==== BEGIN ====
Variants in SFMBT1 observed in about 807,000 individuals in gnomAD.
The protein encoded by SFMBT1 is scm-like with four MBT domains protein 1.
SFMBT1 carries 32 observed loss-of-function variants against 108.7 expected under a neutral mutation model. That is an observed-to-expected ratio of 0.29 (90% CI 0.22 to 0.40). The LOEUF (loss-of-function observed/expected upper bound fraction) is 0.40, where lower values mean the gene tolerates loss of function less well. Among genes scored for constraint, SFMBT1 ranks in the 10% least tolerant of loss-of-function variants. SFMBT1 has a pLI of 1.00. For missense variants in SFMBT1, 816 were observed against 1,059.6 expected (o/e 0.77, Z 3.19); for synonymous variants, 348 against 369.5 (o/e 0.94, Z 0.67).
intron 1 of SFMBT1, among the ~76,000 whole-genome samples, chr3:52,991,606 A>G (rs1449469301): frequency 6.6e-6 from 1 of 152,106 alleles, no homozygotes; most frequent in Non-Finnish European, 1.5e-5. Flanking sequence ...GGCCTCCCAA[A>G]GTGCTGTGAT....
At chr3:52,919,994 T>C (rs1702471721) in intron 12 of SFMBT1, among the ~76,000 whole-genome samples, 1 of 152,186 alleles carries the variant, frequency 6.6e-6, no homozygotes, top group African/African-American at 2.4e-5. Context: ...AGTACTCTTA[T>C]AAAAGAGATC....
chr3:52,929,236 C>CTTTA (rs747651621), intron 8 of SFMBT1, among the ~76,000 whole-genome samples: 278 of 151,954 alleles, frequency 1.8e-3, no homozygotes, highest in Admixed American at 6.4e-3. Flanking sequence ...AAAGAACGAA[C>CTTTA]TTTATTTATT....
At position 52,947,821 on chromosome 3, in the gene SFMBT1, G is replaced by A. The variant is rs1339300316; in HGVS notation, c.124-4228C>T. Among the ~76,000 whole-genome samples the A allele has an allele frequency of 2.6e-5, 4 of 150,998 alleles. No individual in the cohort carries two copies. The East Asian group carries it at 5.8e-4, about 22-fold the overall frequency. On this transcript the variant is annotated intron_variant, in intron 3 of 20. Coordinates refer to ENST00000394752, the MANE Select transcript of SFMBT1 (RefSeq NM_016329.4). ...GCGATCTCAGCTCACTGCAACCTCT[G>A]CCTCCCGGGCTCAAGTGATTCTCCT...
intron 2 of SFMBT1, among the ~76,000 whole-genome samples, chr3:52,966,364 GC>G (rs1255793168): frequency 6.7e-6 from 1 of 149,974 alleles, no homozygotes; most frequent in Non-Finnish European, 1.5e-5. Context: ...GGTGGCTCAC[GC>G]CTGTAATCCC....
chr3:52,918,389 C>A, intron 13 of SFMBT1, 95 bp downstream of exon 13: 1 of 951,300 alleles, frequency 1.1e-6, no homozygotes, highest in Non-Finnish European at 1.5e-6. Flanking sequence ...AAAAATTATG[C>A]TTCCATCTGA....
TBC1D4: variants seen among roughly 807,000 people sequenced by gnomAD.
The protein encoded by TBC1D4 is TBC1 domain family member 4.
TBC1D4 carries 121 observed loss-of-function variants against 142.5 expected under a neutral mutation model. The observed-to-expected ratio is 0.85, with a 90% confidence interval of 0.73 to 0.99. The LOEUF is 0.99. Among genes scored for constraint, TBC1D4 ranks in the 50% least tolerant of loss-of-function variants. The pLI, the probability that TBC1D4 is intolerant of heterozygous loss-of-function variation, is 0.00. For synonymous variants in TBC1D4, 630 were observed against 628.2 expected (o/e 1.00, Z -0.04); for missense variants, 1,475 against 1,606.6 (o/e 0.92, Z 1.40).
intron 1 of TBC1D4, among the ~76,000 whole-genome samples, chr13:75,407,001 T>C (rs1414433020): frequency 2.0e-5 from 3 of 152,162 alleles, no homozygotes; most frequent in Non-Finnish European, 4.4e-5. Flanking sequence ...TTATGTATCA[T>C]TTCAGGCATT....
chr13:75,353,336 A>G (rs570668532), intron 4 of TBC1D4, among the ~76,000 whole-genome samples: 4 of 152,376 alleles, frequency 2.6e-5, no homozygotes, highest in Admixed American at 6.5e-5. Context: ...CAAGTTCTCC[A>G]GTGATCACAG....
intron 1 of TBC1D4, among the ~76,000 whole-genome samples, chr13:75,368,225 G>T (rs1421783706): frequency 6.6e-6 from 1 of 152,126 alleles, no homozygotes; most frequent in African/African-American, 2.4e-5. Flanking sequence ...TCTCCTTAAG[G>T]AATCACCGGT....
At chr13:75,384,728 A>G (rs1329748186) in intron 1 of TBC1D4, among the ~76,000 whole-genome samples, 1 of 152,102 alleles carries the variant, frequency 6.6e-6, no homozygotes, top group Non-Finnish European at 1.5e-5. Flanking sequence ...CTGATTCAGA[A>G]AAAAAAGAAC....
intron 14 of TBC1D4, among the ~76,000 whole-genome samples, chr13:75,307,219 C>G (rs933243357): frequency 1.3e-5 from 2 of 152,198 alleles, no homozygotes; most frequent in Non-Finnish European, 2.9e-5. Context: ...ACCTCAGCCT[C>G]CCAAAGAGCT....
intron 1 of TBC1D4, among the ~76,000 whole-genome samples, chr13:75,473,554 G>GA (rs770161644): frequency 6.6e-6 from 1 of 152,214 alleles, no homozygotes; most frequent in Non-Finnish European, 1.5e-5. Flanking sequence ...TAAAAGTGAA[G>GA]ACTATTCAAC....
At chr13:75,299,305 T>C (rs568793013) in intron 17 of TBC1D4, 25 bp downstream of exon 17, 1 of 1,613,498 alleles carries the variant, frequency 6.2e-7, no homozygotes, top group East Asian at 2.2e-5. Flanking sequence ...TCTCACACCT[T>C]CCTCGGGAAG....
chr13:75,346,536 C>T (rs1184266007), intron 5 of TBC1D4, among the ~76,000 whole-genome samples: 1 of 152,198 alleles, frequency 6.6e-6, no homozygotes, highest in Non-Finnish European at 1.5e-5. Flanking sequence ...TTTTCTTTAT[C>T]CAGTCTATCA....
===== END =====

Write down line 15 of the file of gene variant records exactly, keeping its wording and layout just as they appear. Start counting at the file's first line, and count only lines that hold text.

intron 1 of TBC1D4, among the ~76,000 whole-genome samples, chr13:75,368,225 G>T (rs1421783706): frequency 6.6e-6 from 1 of 152,126 alleles, no homozygotes; most frequent in African/African-American, 2.4e-5. Flanking sequence ...TCTCCTTAAG[G>T]AATCACCGGT....